Communities In Schools launched a nationwide campaign today to support at-risk students and connect adults into communities of support by asking everyone to look closer and listen harder to our nation’s young people. “What We Are Made Of” will use the medium of mosaic art to connect and engage with diverse communities across the nation and illustrate the vital role we all play in seeing the story within every student.
Showcasing the work of renowned pop artist, Jason Mecier, the campaign features seven powerful mosaic portraits of students from across the country. Their stories represent a multidimensional view of the challenges students experience every day—ranging from school violence to problems at home to hunger. Each piece is assembled with objects from the student’s life that represent who they are as individuals and the supports that helped them succeed.
“Too many of today’s youth are painted in broad strokes, often labeled as so-called problems to be dealt with. As a result, their potential goes unrealized,” said Communities In Schools President & CEO Dale Erquiaga. “‘What We Are Made Of’ will demonstrate that when we take a closer look at this generation—when we go beyond labels and really examine the social and emotional factors that make these young people who they are—we begin to understand the richer story today’s students have to tell.”
Through this campaign, Communities In Schools will provide a platform for young people to share what they are made of and encourage adults to become part their community of support by using #WhatWeAreMadeOf and signing up at WhatWeAreMadeOf.us. On the website, people will also be able to dive deep into the mosaics and hear directly from the students themselves.
In addition to being featured on the website, the portraits will also spend the year traveling across the country to each student’s hometown and other select events to further raise awareness of their impactful stories. Communities In Schools is in schools full-time, developing one-on-one relationships with students and coordinating with the community. By working in partnership with teachers and administrators, school-based staff are able to address students’ immediate needs—from food and clothing to more complex needs like counseling and mentoring.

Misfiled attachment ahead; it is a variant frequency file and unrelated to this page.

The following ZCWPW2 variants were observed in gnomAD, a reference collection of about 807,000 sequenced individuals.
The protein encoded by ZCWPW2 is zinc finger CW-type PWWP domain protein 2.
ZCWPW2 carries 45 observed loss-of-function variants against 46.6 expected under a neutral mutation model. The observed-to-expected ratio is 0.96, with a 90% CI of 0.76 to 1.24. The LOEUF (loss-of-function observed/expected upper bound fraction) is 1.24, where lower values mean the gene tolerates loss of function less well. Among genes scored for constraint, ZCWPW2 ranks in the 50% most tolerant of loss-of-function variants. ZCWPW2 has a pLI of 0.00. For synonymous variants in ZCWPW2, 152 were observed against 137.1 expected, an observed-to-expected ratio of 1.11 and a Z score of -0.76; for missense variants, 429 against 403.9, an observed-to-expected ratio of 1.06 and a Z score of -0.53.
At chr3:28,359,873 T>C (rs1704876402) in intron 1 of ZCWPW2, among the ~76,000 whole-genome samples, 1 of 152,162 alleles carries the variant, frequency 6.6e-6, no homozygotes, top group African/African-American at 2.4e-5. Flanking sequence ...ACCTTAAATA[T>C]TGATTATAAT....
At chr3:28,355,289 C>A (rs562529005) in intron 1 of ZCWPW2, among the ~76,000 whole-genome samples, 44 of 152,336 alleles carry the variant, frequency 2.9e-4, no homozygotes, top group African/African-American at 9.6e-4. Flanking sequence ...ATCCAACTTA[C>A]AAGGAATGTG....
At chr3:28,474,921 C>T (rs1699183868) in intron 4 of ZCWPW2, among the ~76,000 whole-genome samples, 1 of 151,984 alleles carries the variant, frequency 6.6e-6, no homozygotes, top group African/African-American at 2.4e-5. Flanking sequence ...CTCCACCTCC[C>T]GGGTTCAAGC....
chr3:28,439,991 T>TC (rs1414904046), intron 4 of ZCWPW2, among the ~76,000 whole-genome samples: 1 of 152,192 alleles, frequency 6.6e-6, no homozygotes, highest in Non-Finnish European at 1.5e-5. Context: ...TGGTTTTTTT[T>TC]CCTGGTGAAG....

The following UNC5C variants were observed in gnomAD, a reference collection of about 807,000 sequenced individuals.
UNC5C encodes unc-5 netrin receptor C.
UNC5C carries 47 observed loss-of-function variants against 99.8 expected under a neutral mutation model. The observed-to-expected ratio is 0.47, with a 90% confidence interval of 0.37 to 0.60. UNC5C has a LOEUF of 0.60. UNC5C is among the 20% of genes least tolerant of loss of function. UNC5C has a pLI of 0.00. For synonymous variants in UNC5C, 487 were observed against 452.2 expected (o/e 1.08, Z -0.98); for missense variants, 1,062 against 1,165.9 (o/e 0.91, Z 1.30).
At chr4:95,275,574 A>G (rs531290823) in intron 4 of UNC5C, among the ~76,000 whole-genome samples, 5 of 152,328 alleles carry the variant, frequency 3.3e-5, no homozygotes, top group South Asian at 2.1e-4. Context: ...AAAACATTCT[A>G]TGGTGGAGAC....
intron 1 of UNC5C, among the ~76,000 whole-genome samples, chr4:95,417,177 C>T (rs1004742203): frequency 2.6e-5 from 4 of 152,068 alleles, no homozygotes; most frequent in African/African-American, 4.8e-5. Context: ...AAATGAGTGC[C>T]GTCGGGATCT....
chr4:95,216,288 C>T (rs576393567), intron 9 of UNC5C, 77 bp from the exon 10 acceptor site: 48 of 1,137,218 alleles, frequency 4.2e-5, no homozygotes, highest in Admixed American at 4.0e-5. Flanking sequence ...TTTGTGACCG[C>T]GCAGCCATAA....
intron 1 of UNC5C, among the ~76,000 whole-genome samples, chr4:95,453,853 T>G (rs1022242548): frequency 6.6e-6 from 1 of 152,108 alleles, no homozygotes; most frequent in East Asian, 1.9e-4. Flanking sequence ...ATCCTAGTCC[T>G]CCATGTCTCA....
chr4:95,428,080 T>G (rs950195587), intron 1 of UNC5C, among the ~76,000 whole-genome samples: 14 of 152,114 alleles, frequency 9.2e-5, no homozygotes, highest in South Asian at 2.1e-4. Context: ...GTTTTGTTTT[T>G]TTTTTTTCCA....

Joseph, featured in a portrait, is a senior at R.B. Stall High School in North Charleston, SC. Despite facing grief and challenges at home, Joseph balances working long hours with academics and athletics. “I worked long hours to support my mom and two younger brothers and tutoring has been a crucial part of helping me keep my grades and attendance on track while balancing my work schedule,” he said.
Joseph was paired with someone who supported his passion for art and invested in his future. That connection helped him create a structured plan to achieve his goal of attending art school for his dream career as an animator.
Anais, also featured, is a junior at Mendez High School in Los Angeles, CA. She battled with low self-confidence before meeting another school-based staff member in Los Angeles.
“Bullied throughout middle school, I struggled with body image,” said Anais. Now, she’s a confident woman who runs her own beauty and lifestyle blog, and dreams of going to either UCLA to become a broadcast journalist or to the Fashion Institute of Design & Merchandising.
Nationwide, students face tough odds – with studies showing that more than 60 percent of high school students say that feeling stressed makes it harder for them to learn and do their best in school. Communities In Schools has worked to tackle this issue – with 88 percent of their case-managed students within their network meeting academic goals.
The key to empowering students to reach their full academic potential often begins with schools helping them understand and nurture what is inside of them. According to a recent Aspen Institute report, social-emotional skills are linked to cognitive development.
“To adequately prepare students for success in school and in life, we must teach them competencies like self-awareness, responsible decision-making and relationship skills,” said Civic Enterprises CEO John Bridgeland, who served on the Aspen Institute’s National Commission on Social, Emotional and Academic Development. “Researchers have found an 11-percentage point gain in grades and test scores for children taught skills such as collaborating, listening and being empathetic, and persevering in the face of stress and challenges.”
For more information about the campaign, the mosaic portraits or the artist, please visit WhatWeAreMadeOf.us.
ABOUT THE ARTIST
Pop Artist Jason Mecier creates one-of-a-kind mosaic portraits. He meticulously fabricates anybody out of anything, from Kevin Bacon out of bacon, to Honey Boo Boo out of 25 lbs. of trash. Jason’s artwork has been featured everywhere from Entertainment Weekly to The New York Times, on TV shows like Glee, Rachel Ray and TMZ, as well as music videos by Pink and Pitbull. His portraits are hanging in Ripley’s Believe it or Not Museums and countless celebrity homes. For more information, visit https://thejasonmecier.com/.
Communities In Schools (CIS) is the nation’s largest organization dedicated to empowering at-risk students to stay in school and on a path to a brighter future. Working directly inside more than 2,300 schools across the country, we connect kids to caring adults and community resources designed to help them succeed. We do whatever it takes to ensure that all kids—regardless of the challenges they may face—have what they need to realize their potential.